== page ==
Barbara: Adding to that, the impact of Oscar-winning animator Alexandr Petrov’s plan on coming to Cape Town to mingle with our artists and provide insights to his works and experiences in his craft offers an amazing opportunity for any aspiring animator. The industry is still young in South Africa and we are trying to promote opportunity outreach, particularly to artists who lack access to resources themselves. I think we will become a portal for illustrators and link between local artists and international artists. This will lend itself to increased exposure by both sides, as we showcase South African artists as well as get exposure and “hands on” access to international quality of work.


Can you tell us a bit about the kind of work you’re looking to exhibit? 

Thea: For the launch, I’d planned on keeping it small – limiting it to a range of art that covers the three aspects of our gallery: illustration work, concept art, and beautiful animation screenshots. In the future, I’d like to narrow the range and do theme specific exhibitions. Fashion design, comic art, environmental matte paintings, black and white ink works, erotica, dragons and dinosaurs, gods and warriors – the theme options are limitless! I have a vast array of interests so as a curator this is the perfect place to show off all the facets of what I love: the humour and ‘badassness’ of the gaming world, the fragile linework of botanical studies, the dark profundity of the graphic novel, and the joyful warmth of children’s books. As well as that I’m always open to discovering new genres and styles, so an artist need only approach us and ask.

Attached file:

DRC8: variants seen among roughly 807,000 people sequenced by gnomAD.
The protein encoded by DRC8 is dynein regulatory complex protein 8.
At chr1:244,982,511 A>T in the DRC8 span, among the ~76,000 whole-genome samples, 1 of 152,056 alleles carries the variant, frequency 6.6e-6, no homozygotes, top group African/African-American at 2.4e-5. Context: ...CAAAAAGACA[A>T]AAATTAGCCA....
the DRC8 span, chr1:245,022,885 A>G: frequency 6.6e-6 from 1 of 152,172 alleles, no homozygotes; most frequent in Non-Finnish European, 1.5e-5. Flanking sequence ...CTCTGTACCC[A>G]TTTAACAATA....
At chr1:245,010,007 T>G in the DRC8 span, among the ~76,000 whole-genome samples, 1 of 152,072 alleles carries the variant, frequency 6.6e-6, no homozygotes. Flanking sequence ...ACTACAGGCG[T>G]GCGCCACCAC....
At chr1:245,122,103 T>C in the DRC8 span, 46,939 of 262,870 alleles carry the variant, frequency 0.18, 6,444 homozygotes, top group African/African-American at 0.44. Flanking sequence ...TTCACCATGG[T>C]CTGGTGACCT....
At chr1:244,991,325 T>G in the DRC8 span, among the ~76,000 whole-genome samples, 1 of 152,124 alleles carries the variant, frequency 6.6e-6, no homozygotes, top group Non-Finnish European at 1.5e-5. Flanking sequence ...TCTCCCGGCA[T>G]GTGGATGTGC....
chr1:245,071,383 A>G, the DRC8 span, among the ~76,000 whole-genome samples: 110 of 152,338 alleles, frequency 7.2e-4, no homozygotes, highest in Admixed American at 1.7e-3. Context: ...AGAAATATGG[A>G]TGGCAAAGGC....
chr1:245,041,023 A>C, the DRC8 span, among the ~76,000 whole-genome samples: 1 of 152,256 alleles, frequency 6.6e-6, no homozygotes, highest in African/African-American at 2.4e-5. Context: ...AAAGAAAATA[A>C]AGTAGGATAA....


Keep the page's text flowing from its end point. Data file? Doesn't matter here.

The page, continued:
What excites you most about being the first illustration gallery in Cape Town? 

Barbara: Being part of it. Setting it up. Being creative. Being inspired. Being part of the movement. Being part of a community of artists. Finally feeling like I have come home.

Thea: For me, it’s about everyone else really. I’m very happy right now in the work I’m doing, and I absolutely adore my day time job at FuzzyLogic – they have given me an amazing opportunity to develop my own IP, and if I could give someone else the same opportunities, I would jump at the chance. I love to inspire and help people generate ideas, and to help them develop their skillset. I have a knack for getting people excited and wanting to create, and if the gallery means that overlooked artists can get financial reward for their passion, then I’d be contributing towards something much bigger than myself.

We just launched a page where you can help fund our gallery, as right now there are only two of us putting in everything we can to make a success of the gallery. 

 Ahem! officially opens its doors on Thursday April 13. Grab all the details on Facebook.